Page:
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'Most daring, riskiest' season nears for OSF

Stories by BILL VARBLE

Libby Appel is gaga for Romeo and Juliet.

I've seen it 100 times, the Oregon Shakespeare Festival's artistic director says. Every time I see it, I go, 'Wow.'

Appel's unabashed outburst of Bard-ophilia comes as she verbally lifts the curtain on the OSF's 2003 season at a brown-bag lunch for the hospitality community Wednesday at Carpenter Hall in Ashland.

Shakespeare's Romeo and Juliet previews Friday and opens the season a week later in the festival's Angus Bowmer Theatre. The Shakespeare play at the Bowmer is sometimes thought of as the centerpiece of the festival's season.

The festival sells nearly 400,000 seats a year, and most of those playgoers at one time or another are the guests or customers of the folks in the room with Appel, so they like to be able to talk about the plays.

Appel tells innkeepers and restaurateurs that this is OSF's most daring, riskiest season, with three world premieres plus a new translation of a classic.

Also previewing over the weekend are Noel Coward's Present Laughter (Sunday) and the two plays of Continental Divide, a new cycle by the Pulitzer Prize-winning English playwright David Edgar that comprises Daughters of the Revolution and Mothers Against (Saturday).

The new translation, Ibsen's Hedda Gabler, by the OSF's Jerry Turner, comes in April.

The last time Romeo and Juliet was at the Bowmer was in 1988. It's been presented in the outdoor Elizabethan Theatre once since.

This time out it's directed by Loretta Greco of New York, who in her first guest stint with the festival directed Stop Kiss. She is the first woman to direct the play at the festival.

There is a balcony ' of sorts, Appel says to laughs, a reference to an OSF production without a balcony that sparked complaints from Shakespeare traditionalists.

Check your preconceptions, Appel instructs her listeners. There's no carry-on.

Questioners ask how realistic Romeo and Juliet is, how much sex and violence it has. Not very and quite a bit, are the answers.

It's informed by a contemporary sensibility, Appel says (translation: do NOT think 16th-century Verona).

Shakespeare had a deep interest in and understanding of the roles of sexuality and violence in human life, Appel says. She says the violence is highly theatrical. There is no nudity.

The two plays of Continental Divide each stand alone, but they enrich each other, she says.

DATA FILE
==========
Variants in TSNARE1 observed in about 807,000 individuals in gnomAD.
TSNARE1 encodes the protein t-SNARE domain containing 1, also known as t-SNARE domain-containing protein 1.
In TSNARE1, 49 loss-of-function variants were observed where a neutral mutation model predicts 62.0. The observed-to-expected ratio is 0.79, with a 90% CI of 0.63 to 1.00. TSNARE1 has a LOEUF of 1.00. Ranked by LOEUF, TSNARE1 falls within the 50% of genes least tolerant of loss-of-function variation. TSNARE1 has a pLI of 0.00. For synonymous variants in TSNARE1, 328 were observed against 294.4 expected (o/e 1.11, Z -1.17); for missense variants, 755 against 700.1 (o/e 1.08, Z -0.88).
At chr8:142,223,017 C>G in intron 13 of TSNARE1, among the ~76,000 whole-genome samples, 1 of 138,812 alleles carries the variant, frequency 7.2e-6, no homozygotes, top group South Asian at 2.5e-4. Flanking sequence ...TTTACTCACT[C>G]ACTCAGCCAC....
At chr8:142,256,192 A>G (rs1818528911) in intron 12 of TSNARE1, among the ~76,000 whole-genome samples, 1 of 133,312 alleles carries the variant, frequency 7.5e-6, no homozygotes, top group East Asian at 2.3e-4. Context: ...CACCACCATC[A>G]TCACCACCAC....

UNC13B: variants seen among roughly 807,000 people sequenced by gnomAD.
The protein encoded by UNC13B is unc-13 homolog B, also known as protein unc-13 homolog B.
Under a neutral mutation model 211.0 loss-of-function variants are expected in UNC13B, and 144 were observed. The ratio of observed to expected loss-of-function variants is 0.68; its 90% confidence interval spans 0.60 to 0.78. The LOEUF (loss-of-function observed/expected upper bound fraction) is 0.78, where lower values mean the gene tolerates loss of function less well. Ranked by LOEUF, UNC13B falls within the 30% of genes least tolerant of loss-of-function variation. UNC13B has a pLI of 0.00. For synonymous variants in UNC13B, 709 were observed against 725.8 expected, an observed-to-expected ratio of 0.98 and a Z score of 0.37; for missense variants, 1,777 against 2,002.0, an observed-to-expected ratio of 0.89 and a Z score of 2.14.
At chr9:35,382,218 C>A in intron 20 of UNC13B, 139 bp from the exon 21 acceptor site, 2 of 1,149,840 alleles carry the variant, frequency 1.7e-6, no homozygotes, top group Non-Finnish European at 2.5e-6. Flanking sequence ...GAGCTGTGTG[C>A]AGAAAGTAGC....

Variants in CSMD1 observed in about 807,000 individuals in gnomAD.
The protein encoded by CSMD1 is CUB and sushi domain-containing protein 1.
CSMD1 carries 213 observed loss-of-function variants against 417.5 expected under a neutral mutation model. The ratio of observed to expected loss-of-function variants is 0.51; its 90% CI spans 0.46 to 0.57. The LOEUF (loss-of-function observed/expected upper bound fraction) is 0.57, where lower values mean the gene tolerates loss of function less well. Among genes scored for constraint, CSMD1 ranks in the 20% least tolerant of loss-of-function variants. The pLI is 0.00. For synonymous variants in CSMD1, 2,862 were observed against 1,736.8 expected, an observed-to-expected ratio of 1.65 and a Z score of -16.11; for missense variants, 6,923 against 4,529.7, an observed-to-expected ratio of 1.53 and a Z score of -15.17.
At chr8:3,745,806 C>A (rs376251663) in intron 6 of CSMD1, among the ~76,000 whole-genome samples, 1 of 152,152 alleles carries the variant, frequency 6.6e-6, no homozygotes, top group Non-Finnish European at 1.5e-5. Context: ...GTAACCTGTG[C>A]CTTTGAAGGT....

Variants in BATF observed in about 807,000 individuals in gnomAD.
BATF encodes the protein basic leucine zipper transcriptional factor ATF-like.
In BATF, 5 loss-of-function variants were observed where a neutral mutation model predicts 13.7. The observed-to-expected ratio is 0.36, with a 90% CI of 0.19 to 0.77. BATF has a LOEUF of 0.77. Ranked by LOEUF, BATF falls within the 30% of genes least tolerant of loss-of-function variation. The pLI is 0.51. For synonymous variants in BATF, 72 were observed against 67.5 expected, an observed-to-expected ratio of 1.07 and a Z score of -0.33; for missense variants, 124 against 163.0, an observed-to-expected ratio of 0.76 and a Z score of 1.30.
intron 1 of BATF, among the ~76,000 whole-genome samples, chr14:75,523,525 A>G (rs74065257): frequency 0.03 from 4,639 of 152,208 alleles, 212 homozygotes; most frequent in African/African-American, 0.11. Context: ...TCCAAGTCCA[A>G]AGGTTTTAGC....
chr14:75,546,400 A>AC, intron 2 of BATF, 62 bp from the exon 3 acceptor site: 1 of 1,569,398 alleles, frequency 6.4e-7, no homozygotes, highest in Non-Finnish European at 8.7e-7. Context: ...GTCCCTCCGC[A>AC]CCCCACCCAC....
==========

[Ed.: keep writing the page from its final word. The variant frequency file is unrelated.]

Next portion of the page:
You may need to go back and see No. — again after you see No. 2, Appel says.

The plays were written by Edgar for OSF and the Berkeley Repertory Theatre, to which they will travel in the fall. They are directed by Berkeley Rep's Tony Taccone. They are ostensibly about American politics, but about deeper issues as well.

The two plays are in very different styles. Mothers is realistic and domestic in the style of Arthur Miller or Tennessee Williams. Daughters is a journey play, in which a man's Odyssey is lit by a splashy, high-tech production with video, projections and elaborate sound.

It's large, deep, broad, Appel says. Shakespearean.

Noel Coward's Present Laughter, directed by Peter Amster, about a Coward-like character with big romantic entanglements and an ego to match, is neither bold nor contemporary nor political, Appel says. Just fun.

For openers, 'Romeo and Juliet' flexes its muscle Loretta Greco is the first one to tell you she's not an old Shakespeare hand. So don't look for her production of Romeo and Juliet to come off as familiar territory in the first Shakespeare play she has ever directed.

Think sleek, stylish and contemporary, she says.

Really dynamic.

As was the New York-based director's first effort at the Oregon Shakespeare Festival, Diana Son's Stop Kiss in the 2000 season.

It's simple, Greco says. There are not a lot of bells and whistles.

The production reportedly features a high-fashion, urban look with big billboards carrying upscale commercial messages that may or may not suggest ironies. The design is black and white and grays with a white set.

Unlike many directors, and many audiences, Greco says she did not grow up on Shakespeare.

It is not something I cannot live without, she says. I wanted to make something fresh. I want it to be sexy, but with muscle.

Some fans think there's only one way to do Shakespeare. I get very Italian about this. I don't believe there's only one way.

She wants audiences to feel the heat of Romeo's first sight of Juliet, the different sort of heat around the Montagues and Capulets on the streets.

The play relies quite a bit on the First Quarto, a so-called bad quarto made from the recollections of actors, along with the more popular Second Quarto and later Folio versions of the play about the star-crossed lovers, Greco says. A partial result is that it's short, under two-and-a-half hours with an intermission.

Greco says she loves the hybrid feel of the tale, which is part romance and part tragedy.

She doesn't buy the view that it's a tragedy of accident or fate.

It's a tragedy of the city, she says. A tragedy of hate.